Meaningful Travel: Is One Time Enough?

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We all have that one friend who always seems to be off adventuring. Between hiking the Swiss Alps, volunteering in Ecuador, and "studying abroad" on the beaches of Thailand, their passport looks like it walked right out of a listicle on the top 50 places to visit (not to mention their Instagram game puts you to shame). But now it's your turn! 

A woman in Parque Guell, Barcelona, Spain

You're finally planning your next adventure and looking to get some advice from a well-traveled friend. You already know you want to ditch the touristy-approach to travel—you'd rather get into the nitty-gritty of it. Nagging financial questions aside, ( do they get so much approved time off work?), if you can catch them on an extended layover, you just want to know—is once enough?

Is participating in meaningful travel once in my life enough to make an impact, on myself and on others? Is it enough to challenge my world views and drive personal change? Is it enough to appreciate and recognize the nuances that come from globalization, the good, the bad, the complex? Is it enough to see the world for what it truly is—without "vacation goggles" or the ability to avoid glossing over the less-than-pleasant parts?

Here are common responses to the question, Meaningful Travel: Is One Time Enough? Learn how you can use it to help plan YOUR next international adventure with more intention and clarity.

1. "NO WAY. Only once? Meaningful travel is a lifestyle."

These meaningful travelers have no end in sight for their adventurous, intrepid ways. Maybe their trips abroad haven't been 100 percent perfect—because, let's face it—travel invites a level of "unpleasant experiences" into our lives, too (here's looking at you, delayed flight and unexpectedly 40+ hour train ride). However, this person knows that the heart of meaningful travel is getting to know the place they were visiting, for better and for worse. They consciously push themselves out of their comfort zone to stretch their limits and truly interact with the place they visited. This allows them to have meaningful travel experiences wherever they go—whether with a formal travel program or not.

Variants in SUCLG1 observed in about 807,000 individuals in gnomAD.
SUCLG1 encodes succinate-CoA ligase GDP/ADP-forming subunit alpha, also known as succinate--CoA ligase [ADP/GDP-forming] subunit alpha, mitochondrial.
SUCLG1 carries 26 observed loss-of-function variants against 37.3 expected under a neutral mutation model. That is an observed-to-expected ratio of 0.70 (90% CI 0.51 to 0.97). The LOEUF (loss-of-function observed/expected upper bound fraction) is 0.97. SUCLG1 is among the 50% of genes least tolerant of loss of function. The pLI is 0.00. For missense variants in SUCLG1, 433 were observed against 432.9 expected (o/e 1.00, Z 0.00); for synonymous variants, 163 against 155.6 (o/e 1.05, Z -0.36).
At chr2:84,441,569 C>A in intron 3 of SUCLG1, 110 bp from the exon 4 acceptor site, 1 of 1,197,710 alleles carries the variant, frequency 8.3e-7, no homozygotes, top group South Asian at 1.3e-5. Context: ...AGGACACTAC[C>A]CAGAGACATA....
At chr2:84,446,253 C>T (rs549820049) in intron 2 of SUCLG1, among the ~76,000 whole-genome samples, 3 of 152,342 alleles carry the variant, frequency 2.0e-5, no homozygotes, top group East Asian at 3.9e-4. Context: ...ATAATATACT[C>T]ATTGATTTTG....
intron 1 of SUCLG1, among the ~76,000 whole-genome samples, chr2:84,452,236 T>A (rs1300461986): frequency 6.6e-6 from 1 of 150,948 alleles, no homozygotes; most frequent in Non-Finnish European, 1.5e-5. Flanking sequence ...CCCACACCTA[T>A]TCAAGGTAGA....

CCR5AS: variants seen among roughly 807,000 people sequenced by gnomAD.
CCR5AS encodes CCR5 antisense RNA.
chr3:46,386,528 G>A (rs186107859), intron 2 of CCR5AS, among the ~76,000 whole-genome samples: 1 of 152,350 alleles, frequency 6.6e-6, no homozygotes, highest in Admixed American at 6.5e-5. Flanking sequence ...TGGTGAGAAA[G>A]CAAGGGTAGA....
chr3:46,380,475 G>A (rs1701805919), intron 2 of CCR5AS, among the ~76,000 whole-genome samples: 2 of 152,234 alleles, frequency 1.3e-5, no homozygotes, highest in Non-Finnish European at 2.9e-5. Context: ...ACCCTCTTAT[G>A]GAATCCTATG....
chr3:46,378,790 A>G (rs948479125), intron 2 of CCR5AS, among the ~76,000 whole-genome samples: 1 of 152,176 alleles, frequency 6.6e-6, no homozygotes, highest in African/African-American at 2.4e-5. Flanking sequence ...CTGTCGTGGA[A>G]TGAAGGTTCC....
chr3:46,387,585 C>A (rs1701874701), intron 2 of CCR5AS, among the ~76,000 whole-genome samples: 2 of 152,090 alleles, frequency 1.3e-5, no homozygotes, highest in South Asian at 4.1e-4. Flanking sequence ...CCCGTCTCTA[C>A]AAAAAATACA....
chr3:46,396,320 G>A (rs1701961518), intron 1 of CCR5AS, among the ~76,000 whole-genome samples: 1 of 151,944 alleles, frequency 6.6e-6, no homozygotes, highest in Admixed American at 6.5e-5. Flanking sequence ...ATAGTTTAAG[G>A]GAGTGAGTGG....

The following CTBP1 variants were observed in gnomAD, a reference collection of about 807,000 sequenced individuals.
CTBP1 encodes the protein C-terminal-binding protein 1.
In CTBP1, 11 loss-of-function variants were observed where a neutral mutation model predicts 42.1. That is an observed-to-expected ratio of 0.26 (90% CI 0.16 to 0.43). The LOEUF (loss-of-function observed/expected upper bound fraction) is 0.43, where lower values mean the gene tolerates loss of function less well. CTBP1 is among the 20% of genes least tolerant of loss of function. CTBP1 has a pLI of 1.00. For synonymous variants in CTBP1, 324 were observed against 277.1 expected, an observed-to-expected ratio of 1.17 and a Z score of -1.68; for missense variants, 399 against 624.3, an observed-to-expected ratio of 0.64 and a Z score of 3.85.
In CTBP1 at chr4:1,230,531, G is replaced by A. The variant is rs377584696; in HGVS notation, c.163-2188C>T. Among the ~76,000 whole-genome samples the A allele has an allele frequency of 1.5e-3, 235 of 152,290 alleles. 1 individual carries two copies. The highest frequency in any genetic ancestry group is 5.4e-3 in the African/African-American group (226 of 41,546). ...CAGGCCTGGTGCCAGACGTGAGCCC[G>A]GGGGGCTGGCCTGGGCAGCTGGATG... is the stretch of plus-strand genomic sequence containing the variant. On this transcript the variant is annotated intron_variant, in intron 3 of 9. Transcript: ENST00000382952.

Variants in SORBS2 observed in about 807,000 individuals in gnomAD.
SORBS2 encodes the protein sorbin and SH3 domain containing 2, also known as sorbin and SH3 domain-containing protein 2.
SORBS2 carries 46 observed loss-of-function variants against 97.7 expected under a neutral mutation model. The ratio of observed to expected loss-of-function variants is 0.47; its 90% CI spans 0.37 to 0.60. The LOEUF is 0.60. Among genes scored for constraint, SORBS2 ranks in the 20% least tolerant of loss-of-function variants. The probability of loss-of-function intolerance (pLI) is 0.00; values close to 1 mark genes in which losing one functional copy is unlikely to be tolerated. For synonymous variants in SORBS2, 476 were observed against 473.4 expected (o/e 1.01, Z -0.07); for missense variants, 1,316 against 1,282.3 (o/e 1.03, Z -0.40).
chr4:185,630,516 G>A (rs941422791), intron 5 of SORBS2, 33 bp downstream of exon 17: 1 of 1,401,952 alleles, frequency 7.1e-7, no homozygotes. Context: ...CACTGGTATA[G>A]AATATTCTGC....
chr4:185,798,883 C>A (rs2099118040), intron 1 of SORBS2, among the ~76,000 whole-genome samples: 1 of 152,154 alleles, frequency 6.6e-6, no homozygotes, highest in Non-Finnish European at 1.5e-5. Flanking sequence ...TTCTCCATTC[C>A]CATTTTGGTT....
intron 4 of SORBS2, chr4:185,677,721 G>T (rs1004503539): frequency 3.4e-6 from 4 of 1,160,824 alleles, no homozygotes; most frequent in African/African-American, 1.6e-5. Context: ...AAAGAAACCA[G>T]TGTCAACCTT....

These lifelong meaningful travelers are generally averse to naïveté. They try to give thought to how their trip impacts both themselves and the community they're visiting. A meaningful traveler isn’t blazing through cities and towns snapping pictures and ignoring their surroundings. They want to explore the world and not only share their experience as someone abroad, but are also eager to learn from where they are going.

However, has their enthusiasm for adventure translated into thoughtful action? Are they being critical of the programs they select, or are they just going willy-nilly for the ones that have the best photos? There is much to be learned by (and from) the individual who blindly supports meaningful travel without much thought given to it.

So is traveling meaningfully once enough for these folks? ABSOLUTELY NOT. In fact, they're they go again!

Women on a Lion statue in Barcelona, Spain

2. "Meaningful travel is more complicated than you think—I'd do it differently next time."

So...about this trip. Maybe the location was incredible; the food and sights unlike anything else seen before. But something about the trip left this meaningful traveler unsettled. While it’s exciting to travel to new places, there is also a certain element of voyeurism that accompanies visiting villages and towns where foreigners don’t go often. Or maybe, in their travels, the towns you visited developed an economy specifically to cater to foreign visitors like yourself.

Trips like these make meaningful travelers uncomfortable, and that’s a good thing. At the end of this trip, a meaningful traveler may look back on his or her experience and see that their motivation for the trip was a selfish one, to take in the sights, sounds, food, and experiences only for themselves without giving consideration to their travel companions or the people they met along the way.